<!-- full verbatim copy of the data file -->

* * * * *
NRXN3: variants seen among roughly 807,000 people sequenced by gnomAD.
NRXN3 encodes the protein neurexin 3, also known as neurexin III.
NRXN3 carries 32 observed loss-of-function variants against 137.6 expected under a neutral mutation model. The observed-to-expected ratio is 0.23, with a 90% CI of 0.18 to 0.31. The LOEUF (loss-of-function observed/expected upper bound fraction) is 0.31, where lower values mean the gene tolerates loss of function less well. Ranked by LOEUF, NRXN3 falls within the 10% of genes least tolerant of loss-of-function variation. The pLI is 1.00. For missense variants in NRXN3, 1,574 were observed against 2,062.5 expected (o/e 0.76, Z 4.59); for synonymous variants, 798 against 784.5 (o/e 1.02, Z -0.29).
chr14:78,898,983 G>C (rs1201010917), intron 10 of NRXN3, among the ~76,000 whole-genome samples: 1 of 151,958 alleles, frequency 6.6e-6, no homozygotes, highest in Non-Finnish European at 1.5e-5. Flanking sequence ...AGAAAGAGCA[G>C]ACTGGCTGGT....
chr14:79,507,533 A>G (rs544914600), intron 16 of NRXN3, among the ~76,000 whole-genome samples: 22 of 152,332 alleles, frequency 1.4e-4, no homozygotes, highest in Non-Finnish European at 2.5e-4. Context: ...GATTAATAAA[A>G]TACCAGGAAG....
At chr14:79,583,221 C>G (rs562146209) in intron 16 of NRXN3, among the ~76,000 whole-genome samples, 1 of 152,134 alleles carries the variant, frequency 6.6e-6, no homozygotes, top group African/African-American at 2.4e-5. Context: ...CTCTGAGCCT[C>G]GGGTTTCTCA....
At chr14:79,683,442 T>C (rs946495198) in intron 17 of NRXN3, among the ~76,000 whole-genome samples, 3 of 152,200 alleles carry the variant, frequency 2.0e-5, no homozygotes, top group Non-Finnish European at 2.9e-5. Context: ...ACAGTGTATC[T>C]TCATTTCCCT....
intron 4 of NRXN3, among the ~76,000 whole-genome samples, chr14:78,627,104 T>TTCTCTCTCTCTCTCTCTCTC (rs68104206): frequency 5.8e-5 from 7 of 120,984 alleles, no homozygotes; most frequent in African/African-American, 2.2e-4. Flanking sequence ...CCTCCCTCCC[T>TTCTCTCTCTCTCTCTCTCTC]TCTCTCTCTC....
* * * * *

NRXN3: variants seen among roughly 807,000 people sequenced by gnomAD.
NRXN3 encodes the protein neurexin 3, also known as neurexin III.
NRXN3 carries 32 observed loss-of-function variants against 137.6 expected under a neutral mutation model. The observed-to-expected ratio is 0.23, with a 90% CI of 0.18 to 0.31. The LOEUF (loss-of-function observed/expected upper bound fraction) is 0.31, where lower values mean the gene tolerates loss of function less well. Ranked by LOEUF, NRXN3 falls within the 10% of genes least tolerant of loss-of-function variation. The pLI is 1.00. For missense variants in NRXN3, 1,574 were observed against 2,062.5 expected (o/e 0.76, Z 4.59); for synonymous variants, 798 against 784.5 (o/e 1.02, Z -0.29).
chr14:78,898,983 G>C (rs1201010917), intron 10 of NRXN3, among the ~76,000 whole-genome samples: 1 of 151,958 alleles, frequency 6.6e-6, no homozygotes, highest in Non-Finnish European at 1.5e-5. Flanking sequence ...AGAAAGAGCA[G>C]ACTGGCTGGT....
chr14:79,507,533 A>G (rs544914600), intron 16 of NRXN3, among the ~76,000 whole-genome samples: 22 of 152,332 alleles, frequency 1.4e-4, no homozygotes, highest in Non-Finnish European at 2.5e-4. Context: ...GATTAATAAA[A>G]TACCAGGAAG....
At chr14:79,583,221 C>G (rs562146209) in intron 16 of NRXN3, among the ~76,000 whole-genome samples, 1 of 152,134 alleles carries the variant, frequency 6.6e-6, no homozygotes, top group African/African-American at 2.4e-5. Context: ...CTCTGAGCCT[C>G]GGGTTTCTCA....
At chr14:79,683,442 T>C (rs946495198) in intron 17 of NRXN3, among the ~76,000 whole-genome samples, 3 of 152,200 alleles carry the variant, frequency 2.0e-5, no homozygotes, top group Non-Finnish European at 2.9e-5. Context: ...ACAGTGTATC[T>C]TCATTTCCCT....
intron 4 of NRXN3, among the ~76,000 whole-genome samples, chr14:78,627,104 T>TTCTCTCTCTCTCTCTCTCTC (rs68104206): frequency 5.8e-5 from 7 of 120,984 alleles, no homozygotes; most frequent in African/African-American, 2.2e-4. Flanking sequence ...CCTCCCTCCC[T>TTCTCTCTCTCTCTCTCTCTC]TCTCTCTCTC....